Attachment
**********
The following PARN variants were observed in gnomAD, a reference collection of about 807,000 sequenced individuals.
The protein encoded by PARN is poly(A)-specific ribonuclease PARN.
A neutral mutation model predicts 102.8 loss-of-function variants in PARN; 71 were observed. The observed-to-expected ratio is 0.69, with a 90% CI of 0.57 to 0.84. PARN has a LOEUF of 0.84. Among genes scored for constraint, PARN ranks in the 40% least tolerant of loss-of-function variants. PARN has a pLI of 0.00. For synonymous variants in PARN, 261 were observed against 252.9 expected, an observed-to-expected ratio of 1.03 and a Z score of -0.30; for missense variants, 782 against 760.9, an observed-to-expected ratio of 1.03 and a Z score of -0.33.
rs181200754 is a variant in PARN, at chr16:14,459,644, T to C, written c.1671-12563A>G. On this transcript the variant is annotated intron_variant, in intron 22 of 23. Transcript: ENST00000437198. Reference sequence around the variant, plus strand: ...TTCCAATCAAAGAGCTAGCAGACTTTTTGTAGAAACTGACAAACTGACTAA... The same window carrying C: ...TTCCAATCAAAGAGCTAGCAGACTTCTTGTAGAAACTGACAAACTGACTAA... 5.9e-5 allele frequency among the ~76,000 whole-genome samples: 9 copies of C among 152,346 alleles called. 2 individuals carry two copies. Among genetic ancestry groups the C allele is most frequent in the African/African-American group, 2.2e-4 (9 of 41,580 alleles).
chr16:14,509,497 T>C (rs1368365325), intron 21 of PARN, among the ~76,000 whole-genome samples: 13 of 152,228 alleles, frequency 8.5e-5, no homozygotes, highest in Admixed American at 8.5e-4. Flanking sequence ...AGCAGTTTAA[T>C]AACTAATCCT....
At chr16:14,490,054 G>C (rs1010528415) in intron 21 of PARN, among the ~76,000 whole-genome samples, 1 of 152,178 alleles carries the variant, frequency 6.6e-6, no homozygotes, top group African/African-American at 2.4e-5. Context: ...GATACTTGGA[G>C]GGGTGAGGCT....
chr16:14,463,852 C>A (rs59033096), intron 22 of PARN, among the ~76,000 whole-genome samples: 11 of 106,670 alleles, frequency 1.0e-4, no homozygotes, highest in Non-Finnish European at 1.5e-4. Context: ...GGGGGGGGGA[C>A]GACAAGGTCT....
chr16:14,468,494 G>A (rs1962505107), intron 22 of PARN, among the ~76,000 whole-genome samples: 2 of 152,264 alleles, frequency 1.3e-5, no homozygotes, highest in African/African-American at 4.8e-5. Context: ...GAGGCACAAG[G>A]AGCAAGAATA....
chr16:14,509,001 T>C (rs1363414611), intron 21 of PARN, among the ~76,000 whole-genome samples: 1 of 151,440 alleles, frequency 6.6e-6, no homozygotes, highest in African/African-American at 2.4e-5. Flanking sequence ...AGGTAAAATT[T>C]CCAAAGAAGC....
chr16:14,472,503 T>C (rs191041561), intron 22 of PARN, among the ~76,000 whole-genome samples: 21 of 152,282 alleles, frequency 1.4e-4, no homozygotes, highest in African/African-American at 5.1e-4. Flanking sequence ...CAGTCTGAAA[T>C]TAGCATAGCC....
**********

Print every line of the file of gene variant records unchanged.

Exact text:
The following PARN variants were observed in gnomAD, a reference collection of about 807,000 sequenced individuals.
The protein encoded by PARN is poly(A)-specific ribonuclease PARN.
A neutral mutation model predicts 102.8 loss-of-function variants in PARN; 71 were observed. The observed-to-expected ratio is 0.69, with a 90% CI of 0.57 to 0.84. PARN has a LOEUF of 0.84. Among genes scored for constraint, PARN ranks in the 40% least tolerant of loss-of-function variants. PARN has a pLI of 0.00. For synonymous variants in PARN, 261 were observed against 252.9 expected, an observed-to-expected ratio of 1.03 and a Z score of -0.30; for missense variants, 782 against 760.9, an observed-to-expected ratio of 1.03 and a Z score of -0.33.
rs181200754 is a variant in PARN, at chr16:14,459,644, T to C, written c.1671-12563A>G. On this transcript the variant is annotated intron_variant, in intron 22 of 23. Transcript: ENST00000437198. Reference sequence around the variant, plus strand: ...TTCCAATCAAAGAGCTAGCAGACTTTTTGTAGAAACTGACAAACTGACTAA... The same window carrying C: ...TTCCAATCAAAGAGCTAGCAGACTTCTTGTAGAAACTGACAAACTGACTAA... 5.9e-5 allele frequency among the ~76,000 whole-genome samples: 9 copies of C among 152,346 alleles called. 2 individuals carry two copies. Among genetic ancestry groups the C allele is most frequent in the African/African-American group, 2.2e-4 (9 of 41,580 alleles).
chr16:14,509,497 T>C (rs1368365325), intron 21 of PARN, among the ~76,000 whole-genome samples: 13 of 152,228 alleles, frequency 8.5e-5, no homozygotes, highest in Admixed American at 8.5e-4. Flanking sequence ...AGCAGTTTAA[T>C]AACTAATCCT....
At chr16:14,490,054 G>C (rs1010528415) in intron 21 of PARN, among the ~76,000 whole-genome samples, 1 of 152,178 alleles carries the variant, frequency 6.6e-6, no homozygotes, top group African/African-American at 2.4e-5. Context: ...GATACTTGGA[G>C]GGGTGAGGCT....
chr16:14,463,852 C>A (rs59033096), intron 22 of PARN, among the ~76,000 whole-genome samples: 11 of 106,670 alleles, frequency 1.0e-4, no homozygotes, highest in Non-Finnish European at 1.5e-4. Context: ...GGGGGGGGGA[C>A]GACAAGGTCT....
chr16:14,468,494 G>A (rs1962505107), intron 22 of PARN, among the ~76,000 whole-genome samples: 2 of 152,264 alleles, frequency 1.3e-5, no homozygotes, highest in African/African-American at 4.8e-5. Context: ...GAGGCACAAG[G>A]AGCAAGAATA....
chr16:14,509,001 T>C (rs1363414611), intron 21 of PARN, among the ~76,000 whole-genome samples: 1 of 151,440 alleles, frequency 6.6e-6, no homozygotes, highest in African/African-American at 2.4e-5. Flanking sequence ...AGGTAAAATT[T>C]CCAAAGAAGC....
chr16:14,472,503 T>C (rs191041561), intron 22 of PARN, among the ~76,000 whole-genome samples: 21 of 152,282 alleles, frequency 1.4e-4, no homozygotes, highest in African/African-American at 5.1e-4. Flanking sequence ...CAGTCTGAAA[T>C]TAGCATAGCC....